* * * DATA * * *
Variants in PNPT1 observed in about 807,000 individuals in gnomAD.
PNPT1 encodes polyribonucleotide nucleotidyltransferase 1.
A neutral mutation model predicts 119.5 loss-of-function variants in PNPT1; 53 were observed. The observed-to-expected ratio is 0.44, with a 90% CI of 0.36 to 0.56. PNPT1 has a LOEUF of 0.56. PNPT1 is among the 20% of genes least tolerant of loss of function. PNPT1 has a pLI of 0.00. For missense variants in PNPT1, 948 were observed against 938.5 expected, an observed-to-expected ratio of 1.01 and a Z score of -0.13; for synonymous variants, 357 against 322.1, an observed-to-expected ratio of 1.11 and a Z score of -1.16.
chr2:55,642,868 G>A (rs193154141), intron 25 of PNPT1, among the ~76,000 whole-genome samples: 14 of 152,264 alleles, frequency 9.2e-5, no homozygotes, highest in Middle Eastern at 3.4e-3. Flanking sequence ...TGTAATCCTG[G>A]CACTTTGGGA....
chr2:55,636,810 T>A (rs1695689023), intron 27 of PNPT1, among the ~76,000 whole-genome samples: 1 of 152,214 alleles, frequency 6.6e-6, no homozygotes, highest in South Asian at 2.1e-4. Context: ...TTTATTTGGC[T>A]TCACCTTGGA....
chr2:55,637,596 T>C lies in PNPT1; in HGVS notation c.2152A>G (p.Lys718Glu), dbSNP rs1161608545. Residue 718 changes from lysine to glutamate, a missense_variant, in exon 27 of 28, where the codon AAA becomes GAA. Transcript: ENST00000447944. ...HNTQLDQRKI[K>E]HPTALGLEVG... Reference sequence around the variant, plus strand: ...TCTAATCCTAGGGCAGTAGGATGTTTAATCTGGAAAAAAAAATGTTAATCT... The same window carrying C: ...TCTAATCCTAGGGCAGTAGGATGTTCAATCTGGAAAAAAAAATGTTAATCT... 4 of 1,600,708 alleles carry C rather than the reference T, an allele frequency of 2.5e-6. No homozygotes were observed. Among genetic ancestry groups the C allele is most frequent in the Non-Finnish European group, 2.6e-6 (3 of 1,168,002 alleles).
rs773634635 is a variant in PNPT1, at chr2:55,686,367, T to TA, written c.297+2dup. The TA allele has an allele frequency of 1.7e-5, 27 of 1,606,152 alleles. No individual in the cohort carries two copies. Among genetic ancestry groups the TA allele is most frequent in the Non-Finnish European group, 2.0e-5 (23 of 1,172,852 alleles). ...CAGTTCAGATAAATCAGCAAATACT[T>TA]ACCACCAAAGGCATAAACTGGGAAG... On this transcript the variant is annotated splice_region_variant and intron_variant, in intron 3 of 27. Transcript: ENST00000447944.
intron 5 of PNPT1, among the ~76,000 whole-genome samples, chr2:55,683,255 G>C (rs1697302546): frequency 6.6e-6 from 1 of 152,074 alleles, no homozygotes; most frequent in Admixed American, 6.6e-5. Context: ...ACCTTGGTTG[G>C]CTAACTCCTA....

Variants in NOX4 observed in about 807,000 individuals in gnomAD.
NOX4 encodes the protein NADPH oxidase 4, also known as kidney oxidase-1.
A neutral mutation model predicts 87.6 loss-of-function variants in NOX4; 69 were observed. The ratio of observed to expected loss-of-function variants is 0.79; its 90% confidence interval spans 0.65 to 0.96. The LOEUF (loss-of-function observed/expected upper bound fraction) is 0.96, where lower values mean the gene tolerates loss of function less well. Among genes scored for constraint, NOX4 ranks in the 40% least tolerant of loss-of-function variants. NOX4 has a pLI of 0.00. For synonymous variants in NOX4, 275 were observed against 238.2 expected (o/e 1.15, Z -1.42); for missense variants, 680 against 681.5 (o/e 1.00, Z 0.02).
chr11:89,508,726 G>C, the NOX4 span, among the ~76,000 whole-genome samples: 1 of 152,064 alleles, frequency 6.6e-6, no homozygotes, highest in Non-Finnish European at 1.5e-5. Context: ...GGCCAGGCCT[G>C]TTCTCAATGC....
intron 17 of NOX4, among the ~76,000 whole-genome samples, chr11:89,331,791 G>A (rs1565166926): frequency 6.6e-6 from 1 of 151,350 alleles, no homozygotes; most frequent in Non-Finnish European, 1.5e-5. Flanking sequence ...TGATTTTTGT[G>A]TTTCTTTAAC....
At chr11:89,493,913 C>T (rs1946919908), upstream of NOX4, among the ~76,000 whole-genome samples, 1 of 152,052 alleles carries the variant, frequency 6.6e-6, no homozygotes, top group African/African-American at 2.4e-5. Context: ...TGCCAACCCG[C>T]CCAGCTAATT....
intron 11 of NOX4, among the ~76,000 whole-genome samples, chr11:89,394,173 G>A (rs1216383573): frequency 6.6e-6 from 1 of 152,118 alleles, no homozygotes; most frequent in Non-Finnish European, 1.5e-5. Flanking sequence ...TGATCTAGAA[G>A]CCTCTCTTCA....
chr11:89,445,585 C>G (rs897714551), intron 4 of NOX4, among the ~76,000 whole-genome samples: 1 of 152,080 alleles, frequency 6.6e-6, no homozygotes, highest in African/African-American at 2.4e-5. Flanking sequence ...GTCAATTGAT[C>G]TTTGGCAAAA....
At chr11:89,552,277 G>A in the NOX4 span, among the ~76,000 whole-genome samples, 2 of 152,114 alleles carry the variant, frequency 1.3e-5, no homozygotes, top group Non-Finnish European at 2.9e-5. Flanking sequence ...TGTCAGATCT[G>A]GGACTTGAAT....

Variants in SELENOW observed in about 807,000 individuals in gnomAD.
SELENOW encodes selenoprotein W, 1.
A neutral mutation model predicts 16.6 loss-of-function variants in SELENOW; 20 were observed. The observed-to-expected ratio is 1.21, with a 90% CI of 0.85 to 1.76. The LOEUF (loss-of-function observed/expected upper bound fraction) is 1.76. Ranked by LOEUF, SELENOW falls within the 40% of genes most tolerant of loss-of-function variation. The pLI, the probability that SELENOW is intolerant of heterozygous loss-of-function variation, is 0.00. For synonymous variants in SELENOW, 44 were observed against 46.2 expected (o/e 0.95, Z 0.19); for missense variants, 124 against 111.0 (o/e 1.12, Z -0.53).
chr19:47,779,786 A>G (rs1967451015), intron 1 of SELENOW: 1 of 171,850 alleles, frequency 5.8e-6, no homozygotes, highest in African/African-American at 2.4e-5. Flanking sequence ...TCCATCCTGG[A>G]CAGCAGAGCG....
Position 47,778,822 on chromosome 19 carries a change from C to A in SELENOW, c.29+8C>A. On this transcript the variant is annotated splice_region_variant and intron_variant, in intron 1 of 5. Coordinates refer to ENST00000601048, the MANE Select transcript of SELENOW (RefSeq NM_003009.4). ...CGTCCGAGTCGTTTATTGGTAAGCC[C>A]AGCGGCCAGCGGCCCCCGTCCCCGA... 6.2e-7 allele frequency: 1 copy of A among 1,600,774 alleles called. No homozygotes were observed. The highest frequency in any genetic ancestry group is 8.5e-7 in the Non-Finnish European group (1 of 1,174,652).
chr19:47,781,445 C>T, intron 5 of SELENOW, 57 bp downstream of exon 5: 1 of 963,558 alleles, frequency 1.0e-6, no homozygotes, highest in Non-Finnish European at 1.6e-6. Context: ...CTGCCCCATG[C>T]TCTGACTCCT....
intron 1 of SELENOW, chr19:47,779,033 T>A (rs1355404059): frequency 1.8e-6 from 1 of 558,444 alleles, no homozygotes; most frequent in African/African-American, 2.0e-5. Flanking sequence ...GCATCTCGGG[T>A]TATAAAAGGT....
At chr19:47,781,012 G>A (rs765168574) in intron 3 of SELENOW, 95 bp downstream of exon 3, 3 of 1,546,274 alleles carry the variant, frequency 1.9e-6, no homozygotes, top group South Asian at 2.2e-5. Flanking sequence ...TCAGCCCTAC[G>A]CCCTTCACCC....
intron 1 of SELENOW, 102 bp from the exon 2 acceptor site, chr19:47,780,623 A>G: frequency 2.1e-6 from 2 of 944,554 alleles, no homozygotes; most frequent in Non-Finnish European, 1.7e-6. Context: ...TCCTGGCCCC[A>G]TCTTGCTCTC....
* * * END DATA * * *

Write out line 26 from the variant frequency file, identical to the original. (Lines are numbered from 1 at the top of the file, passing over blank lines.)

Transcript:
intron 1 of SELENOW, 102 bp from the exon 2 acceptor site, chr19:47,780,623 A>G: frequency 2.1e-6 from 2 of 944,554 alleles, no homozygotes; most frequent in Non-Finnish European, 1.7e-6. Context: ...TCCTGGCCCC[A>G]TCTTGCTCTC....